>>> l

    [1]
    >>> l+=['foo']
    >>> l

    [1, 'foo']
    --
    Aahz () <*> http://www.pythoncraft.com/

    A: No.
    Q: Is top-posting okay?
    Aahz, Jul 16, 2003
    #3
  4. Quoth Doug Tolton:
    [...]
    > fnormal, ftruncated, fsemicolon = 0,0,0
    >
    > // loop through a file and process all documents:
    > normal, truncated, semicolon = self.checkdoc(curdoc)
    > fnormal += normal
    > ftruncated += truncated
    > fsemicolon += semicolon
    >
    > This solution strikes me as inelegant and ugly. Is there a cleaner
    > way of accomplishing this?


    It seems possible that your normal, truncated and semicolon
    variables should be bundled into a single object:

    class DocumentStatistics(object):
    # ...
    def __iadd__(self, (deltanormal, deltatruncated, deltasemicolon)):
    self.normal += deltanormal
    self.truncated += deltatruncated
    self.semicolon += deltasemicolon

    Then you can just do
    docstats = DocumentStatistics()
    # ...
    docstats += self.checkdoc(curdoc)
    If these variables usually change in synch, this seems a natural
    way to organize them.

    You might also want to look into Numeric's arrays.

    (And there's always

    normal, truncated, semicolon = map(operator.add,
    (normal, truncated, semicolon),
    self.checkdoc(curdoc))

    which I consider inferior to your straightforward approach with
    three augmented assignments.)

    --
    Steven Taschuk
    "Please don't damage the horticulturalist."
    -- _Little Shop of Horrors_ (1960)
    Steven Taschuk, Jul 17, 2003
    #4
  5. Doug Tolton

    Tim Lesher Guest

    Doug Tolton <> wrote in message news:<>...
    > This solution strikes me as inelegant and ugly. Is there a cleaner
    > way of accomplishing this?


    The problem is this: performing addition of tuples is concatenation,
    not addition of the elements. If you try to decompose the augmented
    addition into an addition and an assignment, you get a tuple that is
    (in your case) the concatenation of the two 3-tuples, or a 6-tuple,
    which can't unpack into a 3-tuple.

    That said, for some definition of "cleaner", you could do:
    def accumulate(i,j):
    return map(int.__add__, i, j)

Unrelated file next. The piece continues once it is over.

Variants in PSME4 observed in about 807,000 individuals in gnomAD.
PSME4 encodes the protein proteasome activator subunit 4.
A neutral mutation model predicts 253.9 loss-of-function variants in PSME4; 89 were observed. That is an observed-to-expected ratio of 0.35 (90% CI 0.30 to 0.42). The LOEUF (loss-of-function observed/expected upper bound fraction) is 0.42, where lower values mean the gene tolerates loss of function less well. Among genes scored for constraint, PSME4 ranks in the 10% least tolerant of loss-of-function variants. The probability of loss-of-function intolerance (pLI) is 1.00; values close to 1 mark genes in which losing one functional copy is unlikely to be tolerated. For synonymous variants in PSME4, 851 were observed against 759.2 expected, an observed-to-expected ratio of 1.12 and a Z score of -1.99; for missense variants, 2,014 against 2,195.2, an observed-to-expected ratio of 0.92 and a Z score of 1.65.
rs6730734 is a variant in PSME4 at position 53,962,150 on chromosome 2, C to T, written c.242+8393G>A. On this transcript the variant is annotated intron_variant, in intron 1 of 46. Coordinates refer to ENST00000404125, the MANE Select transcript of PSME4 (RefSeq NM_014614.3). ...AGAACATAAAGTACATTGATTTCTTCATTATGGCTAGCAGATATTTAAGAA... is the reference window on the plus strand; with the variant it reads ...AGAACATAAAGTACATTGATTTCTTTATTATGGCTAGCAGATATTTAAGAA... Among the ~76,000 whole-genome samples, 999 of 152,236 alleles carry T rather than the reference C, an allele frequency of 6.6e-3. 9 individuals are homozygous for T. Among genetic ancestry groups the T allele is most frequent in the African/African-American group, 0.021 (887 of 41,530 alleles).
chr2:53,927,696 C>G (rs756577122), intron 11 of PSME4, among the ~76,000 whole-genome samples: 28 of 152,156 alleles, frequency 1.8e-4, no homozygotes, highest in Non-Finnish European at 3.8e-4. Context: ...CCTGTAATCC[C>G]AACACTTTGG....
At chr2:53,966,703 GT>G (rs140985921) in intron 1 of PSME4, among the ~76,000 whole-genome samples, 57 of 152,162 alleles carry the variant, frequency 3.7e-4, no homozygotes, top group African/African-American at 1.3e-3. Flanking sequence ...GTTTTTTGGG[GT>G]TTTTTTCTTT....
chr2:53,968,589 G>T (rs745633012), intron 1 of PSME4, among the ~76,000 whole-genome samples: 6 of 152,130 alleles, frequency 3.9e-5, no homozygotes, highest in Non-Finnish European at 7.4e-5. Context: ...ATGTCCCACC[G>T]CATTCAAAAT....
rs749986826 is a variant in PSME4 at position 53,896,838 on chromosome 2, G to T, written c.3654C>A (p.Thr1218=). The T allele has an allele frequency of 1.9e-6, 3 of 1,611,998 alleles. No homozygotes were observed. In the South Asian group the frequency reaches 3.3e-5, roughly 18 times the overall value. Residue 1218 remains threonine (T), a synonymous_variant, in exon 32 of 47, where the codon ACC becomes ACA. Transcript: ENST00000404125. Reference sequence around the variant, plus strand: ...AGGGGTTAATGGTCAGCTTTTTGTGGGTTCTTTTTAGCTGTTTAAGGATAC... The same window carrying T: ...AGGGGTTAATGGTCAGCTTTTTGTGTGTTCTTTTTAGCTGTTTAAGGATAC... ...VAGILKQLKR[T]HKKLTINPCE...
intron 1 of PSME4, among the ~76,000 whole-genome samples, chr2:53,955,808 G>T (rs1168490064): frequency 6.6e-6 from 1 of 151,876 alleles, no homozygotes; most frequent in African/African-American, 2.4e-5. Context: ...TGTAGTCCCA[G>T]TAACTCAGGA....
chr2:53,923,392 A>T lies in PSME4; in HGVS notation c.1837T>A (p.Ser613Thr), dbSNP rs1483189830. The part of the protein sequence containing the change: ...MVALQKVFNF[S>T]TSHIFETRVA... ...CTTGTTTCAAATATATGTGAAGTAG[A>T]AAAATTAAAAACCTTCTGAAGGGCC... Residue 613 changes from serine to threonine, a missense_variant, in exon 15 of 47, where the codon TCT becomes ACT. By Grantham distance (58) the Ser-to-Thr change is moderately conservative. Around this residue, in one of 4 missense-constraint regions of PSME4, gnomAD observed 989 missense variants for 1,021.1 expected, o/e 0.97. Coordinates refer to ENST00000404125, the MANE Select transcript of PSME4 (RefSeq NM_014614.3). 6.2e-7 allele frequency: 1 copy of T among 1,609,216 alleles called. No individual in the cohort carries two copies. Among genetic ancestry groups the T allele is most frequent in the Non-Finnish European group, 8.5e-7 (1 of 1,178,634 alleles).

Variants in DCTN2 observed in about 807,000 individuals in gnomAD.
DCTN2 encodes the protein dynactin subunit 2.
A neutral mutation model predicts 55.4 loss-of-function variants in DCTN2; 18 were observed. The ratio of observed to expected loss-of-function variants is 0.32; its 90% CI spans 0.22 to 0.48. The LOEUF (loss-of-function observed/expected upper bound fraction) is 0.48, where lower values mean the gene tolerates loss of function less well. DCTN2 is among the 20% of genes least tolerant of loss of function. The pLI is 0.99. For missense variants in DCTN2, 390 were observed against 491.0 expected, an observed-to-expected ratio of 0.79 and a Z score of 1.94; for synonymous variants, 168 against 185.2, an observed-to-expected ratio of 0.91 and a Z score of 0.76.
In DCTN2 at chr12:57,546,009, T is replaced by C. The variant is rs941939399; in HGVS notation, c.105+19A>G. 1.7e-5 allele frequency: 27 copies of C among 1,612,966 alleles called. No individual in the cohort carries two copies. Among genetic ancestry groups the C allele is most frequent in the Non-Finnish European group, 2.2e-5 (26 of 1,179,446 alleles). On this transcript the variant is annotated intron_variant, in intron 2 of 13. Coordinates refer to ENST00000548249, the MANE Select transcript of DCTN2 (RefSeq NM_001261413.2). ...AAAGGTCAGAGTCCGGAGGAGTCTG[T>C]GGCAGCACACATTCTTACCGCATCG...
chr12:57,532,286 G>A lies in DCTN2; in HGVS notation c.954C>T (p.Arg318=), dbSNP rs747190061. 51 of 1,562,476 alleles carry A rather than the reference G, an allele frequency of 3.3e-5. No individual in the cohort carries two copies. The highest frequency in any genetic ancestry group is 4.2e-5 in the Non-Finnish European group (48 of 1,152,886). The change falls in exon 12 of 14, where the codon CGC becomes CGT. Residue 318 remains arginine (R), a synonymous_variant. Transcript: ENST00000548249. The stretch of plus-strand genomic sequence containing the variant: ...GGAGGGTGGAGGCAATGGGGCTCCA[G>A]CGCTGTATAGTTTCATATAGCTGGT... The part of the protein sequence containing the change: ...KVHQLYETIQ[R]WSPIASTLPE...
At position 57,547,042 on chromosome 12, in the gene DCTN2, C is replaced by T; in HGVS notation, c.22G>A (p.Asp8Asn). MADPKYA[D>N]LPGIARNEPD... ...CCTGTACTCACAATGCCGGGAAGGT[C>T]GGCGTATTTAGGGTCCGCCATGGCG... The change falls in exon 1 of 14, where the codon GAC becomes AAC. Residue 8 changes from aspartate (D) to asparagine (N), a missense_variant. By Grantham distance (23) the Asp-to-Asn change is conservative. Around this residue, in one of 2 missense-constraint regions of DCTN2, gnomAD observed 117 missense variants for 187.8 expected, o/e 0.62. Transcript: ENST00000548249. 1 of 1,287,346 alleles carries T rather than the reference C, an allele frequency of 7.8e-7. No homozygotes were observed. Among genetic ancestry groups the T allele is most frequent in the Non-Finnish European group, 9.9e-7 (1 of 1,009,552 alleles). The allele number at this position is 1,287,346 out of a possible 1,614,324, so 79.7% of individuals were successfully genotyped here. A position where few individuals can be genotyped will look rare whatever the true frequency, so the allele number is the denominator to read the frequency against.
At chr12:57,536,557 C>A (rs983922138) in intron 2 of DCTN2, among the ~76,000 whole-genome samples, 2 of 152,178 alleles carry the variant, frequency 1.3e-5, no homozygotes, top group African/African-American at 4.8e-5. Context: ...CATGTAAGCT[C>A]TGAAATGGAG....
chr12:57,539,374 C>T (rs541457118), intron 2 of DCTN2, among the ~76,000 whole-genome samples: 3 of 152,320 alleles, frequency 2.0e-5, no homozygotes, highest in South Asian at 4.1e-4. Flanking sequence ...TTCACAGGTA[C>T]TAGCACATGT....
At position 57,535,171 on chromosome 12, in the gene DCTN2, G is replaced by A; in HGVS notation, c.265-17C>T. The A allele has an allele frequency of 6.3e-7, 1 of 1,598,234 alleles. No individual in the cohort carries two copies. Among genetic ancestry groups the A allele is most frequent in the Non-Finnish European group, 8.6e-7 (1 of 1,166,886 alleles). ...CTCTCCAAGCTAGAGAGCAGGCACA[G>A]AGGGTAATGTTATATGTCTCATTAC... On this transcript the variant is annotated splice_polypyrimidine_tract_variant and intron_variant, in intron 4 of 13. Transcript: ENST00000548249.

// loop
    i,j,k = accumulate((i,j,k), fn())
    Tim Lesher, Jul 17, 2003
    #5
  6. On Wed, 16 Jul 2003 22:17:40 GMT, Doug Tolton <> wrote:

    >On 16 Jul 2003 16:51:38 -0400, (Aahz) wrote:
    >
    >>In article <>,
    >>Doug Tolton <> wrote:
    >>>
    >>>I did some reading and it seems that an augmented assignment is
    >>>specifically verboten on tuples and lists. Is there a clean way to
    >>>accomplish this?

    >>
    >>Really?
    >>
    >>>>> l = []
    >>>>> l+=[1]
    >>>>> l

    >>[1]
    >>>>> l+=['foo']
    >>>>> l

    >>[1, 'foo']

    >
    >
    >I mis-spoke, lists are not included. You cannot do augmented
    >assignments on tuples or multiple targets.
    >
    >you can do what you typed, but you can't do.
    >
    >>>> a,b = 0,0
    >>>> a,b += 1,1

    >SyntaxError: augmented assign to tuple not possible
    >
    >or this:
    >
    >>>> a,b = [],[]
    >>>> a,b += [1],[1]

    >SyntaxError: augmented assign to tuple not possible
    >
    >That is specifically the point I was getting at. Forgive the
    >technical slip of including lists in the discussion.
    >

    A little experiment (not tested beyond what you see ;-):

    >>> class TX(tuple):

    ... def __add__(self, other):
    ... return TX([s+o for s,o in zip(self, other)])
    ...
    >>> tx = TX((2,2))
    >>> tx

    (2, 2)
    >>> tx + (3,5)

    (5, 7)
    >>> tx

    (2, 2)
    >>> tx += (3,5)
    >>> tx

    (5, 7)
    >>> tx += 10,20
    >>> tx

    (15, 27)
    >>> tt = TX(('ab','cd','ef'))
    >>> tt

    ('ab', 'cd', 'ef')
    >>> tt += '123'
    >>> tt

    ('ab1', 'cd2', 'ef3')


    Regards,
    Bengt Richter
    Bengt Richter, Jul 17, 2003
    #6
  7. Doug Tolton

    John Machin Guest

    Doug Tolton <> wrote in message news:<>...
    > I have a function that returns a tuple:
    >
    > def checkdoc(self, document):
    > blen = document['length']
    > bates = document['obates']
    >
    > normal, truncated, semicolon = 0,0,0
    > for bat in bates:
    > if len(bat) == 2 * blen:
    > semicolon += 1
    > if len(bat) == blen - 1:
    > truncated += 1
    > if len(bat) == blen:
    > normal += 1


    self.total_normal += normal
    # etc etc
    # someone else suggested a separate class just for statistics
    # --- this is overkill IMHO
    >
    > return normal, truncated, semicolon
    >
    John Machin, Jul 19, 2003
    #7